TAMPA — A proposal to build a homeless village in Hillsborough County hit another snag this week.
In a 20-page report issued Wednesday, land use hearing officer James Scarola recommended that county commissioners deny Catholic Charities' request to provide temporary housing for the homeless.
The group has asked for zoning that would allow it to use 12 acres at E Hillsborough Avenue and Harney Road as a campground for 250 people for up to 90 days at a time.
Unless commissioners create an exception to housing standards, Scarola noted that "there is not currently a process in Hillsborough County that fits" the building of such a facility.
He also wrote that the proposed location did not match the surrounding residential and light industrial uses.
The 12-acre site is owned by the St. Petersburg Diocese of the Catholic Church. The group envisions a project similar to Pinellas Hope, a 250-bed shelter that opened December 2007.
Catholic Charities is part of the St. Petersburg Diocese that covers Hillsborough, Pinellas, Pasco, Hernando and Citrus counties.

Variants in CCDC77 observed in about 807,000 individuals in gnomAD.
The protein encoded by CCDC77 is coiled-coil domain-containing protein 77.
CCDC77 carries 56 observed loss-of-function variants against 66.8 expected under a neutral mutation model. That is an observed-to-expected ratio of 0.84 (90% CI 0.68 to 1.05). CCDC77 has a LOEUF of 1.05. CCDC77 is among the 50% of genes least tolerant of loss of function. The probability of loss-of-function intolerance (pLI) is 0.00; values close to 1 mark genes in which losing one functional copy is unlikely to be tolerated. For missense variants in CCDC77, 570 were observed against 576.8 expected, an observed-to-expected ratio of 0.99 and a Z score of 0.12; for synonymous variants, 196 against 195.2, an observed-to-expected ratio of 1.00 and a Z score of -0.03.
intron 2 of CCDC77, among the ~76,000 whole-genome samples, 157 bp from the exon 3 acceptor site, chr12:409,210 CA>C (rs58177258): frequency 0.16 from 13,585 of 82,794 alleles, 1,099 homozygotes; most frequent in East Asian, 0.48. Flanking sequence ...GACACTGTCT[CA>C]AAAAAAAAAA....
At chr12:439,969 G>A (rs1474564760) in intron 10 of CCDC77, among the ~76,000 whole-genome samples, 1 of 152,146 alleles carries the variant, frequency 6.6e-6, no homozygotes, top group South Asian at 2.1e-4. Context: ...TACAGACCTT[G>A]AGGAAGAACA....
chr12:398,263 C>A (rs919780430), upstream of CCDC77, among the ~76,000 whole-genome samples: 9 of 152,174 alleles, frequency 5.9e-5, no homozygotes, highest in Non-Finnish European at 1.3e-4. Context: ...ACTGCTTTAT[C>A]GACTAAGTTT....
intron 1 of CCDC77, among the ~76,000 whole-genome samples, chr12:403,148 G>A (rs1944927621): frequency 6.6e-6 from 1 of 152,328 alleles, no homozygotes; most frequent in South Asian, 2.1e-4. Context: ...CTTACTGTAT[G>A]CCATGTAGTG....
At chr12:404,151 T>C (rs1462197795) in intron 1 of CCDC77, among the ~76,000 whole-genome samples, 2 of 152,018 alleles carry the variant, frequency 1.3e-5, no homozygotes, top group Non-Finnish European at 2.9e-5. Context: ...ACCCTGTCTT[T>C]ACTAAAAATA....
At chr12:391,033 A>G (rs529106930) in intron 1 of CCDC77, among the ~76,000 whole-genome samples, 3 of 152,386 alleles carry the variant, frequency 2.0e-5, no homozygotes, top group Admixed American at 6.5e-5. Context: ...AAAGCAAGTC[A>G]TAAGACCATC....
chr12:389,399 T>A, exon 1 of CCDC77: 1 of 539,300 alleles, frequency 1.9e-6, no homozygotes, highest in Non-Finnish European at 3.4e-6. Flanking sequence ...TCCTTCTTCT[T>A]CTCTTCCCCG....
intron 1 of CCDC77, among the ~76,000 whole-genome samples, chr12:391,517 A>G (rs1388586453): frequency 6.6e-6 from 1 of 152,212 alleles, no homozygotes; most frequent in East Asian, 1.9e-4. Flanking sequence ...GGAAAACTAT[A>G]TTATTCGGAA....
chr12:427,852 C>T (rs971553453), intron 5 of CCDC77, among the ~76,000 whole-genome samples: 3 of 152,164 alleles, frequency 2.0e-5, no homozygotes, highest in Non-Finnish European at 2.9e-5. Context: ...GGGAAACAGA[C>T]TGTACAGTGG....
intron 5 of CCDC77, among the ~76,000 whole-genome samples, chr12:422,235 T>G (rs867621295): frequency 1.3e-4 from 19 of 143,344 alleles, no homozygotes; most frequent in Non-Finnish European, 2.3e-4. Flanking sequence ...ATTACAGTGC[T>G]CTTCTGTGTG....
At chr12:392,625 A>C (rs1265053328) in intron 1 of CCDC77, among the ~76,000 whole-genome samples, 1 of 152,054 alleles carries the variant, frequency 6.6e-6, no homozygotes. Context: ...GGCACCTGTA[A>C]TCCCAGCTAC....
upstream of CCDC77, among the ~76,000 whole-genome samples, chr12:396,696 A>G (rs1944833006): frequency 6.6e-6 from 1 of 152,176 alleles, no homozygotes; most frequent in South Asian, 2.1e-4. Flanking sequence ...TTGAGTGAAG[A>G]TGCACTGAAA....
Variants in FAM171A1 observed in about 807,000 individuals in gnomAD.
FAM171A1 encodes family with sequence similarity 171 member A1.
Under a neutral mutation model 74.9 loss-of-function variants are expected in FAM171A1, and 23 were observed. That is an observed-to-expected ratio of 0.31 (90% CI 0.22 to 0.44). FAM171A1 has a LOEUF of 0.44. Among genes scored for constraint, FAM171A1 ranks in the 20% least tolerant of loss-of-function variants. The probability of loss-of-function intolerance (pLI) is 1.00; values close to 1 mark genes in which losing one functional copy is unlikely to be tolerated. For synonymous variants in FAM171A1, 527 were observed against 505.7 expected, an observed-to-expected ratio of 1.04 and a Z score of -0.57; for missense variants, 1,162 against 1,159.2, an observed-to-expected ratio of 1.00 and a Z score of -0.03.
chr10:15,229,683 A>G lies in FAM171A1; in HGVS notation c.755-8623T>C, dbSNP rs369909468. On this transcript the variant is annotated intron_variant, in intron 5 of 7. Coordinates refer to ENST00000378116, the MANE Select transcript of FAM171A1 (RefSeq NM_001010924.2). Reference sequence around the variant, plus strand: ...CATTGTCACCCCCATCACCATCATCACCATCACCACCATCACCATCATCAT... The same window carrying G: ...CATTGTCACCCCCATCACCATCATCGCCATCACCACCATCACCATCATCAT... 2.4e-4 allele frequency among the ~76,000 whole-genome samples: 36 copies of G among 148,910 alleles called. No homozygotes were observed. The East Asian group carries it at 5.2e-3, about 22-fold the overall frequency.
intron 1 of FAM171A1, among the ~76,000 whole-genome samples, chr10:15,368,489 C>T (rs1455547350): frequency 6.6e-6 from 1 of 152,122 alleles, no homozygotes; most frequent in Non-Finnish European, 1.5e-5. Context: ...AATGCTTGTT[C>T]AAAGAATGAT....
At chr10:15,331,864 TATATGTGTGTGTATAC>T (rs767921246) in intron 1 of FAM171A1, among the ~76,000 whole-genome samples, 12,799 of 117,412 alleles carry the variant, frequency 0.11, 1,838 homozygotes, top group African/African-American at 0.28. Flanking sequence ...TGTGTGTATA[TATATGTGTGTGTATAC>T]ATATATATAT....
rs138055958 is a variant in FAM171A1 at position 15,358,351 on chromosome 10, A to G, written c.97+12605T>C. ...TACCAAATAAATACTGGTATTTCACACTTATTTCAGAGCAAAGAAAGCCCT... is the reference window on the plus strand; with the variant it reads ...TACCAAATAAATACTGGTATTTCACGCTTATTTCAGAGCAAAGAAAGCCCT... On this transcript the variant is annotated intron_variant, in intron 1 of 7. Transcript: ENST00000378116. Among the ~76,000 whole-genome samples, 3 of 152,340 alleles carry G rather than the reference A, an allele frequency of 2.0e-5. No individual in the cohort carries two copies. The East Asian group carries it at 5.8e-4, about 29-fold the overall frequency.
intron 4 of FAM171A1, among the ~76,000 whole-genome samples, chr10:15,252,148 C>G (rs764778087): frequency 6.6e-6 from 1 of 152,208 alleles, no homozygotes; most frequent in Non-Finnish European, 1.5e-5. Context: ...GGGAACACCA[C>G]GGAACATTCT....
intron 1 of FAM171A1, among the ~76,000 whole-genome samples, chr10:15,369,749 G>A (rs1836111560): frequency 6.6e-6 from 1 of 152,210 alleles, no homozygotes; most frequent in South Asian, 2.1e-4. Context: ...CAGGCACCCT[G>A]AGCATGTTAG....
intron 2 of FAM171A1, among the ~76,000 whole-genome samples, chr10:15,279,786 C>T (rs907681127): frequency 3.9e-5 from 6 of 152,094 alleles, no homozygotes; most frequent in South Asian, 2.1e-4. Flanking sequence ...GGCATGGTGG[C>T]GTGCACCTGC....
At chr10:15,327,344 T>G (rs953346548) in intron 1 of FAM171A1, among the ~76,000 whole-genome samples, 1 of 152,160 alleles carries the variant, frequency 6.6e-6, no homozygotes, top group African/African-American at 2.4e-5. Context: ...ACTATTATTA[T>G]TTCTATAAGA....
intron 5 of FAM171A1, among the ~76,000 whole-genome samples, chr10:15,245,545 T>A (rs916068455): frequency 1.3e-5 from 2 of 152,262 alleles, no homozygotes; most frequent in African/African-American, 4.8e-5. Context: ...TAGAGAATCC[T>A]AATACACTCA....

With nearly 10,000 homeless people in the county, proponents said the Hillsborough Cares project is desperately needed.
At a hearing last month, nearby East Lake Park residents and business owners said they were fearful of decreased property values and increased crime. Some opponents have called the proposed facility a "Third World shantytown" that would serve as a "cheap fix for a long-term problem."
At the time, county planners also recommended that the project be denied.
Because of that, Wednesday's report wasn't a surprise, said Frank Murphy, a Catholic Charities spokesman.
"We're going to go over it with our legal counsel, see what it says and what the possibilities are," Murphy said. "But it's a big issue that's not going away. We have a small city of almost 10,000 homeless in Hillsborough County. We'll see how the County Commission feels."
Commissioners are expected to vote on the project next month.
Chandra Broadwater can be reached at firstname.lastname@example.org or (727) 661-2454.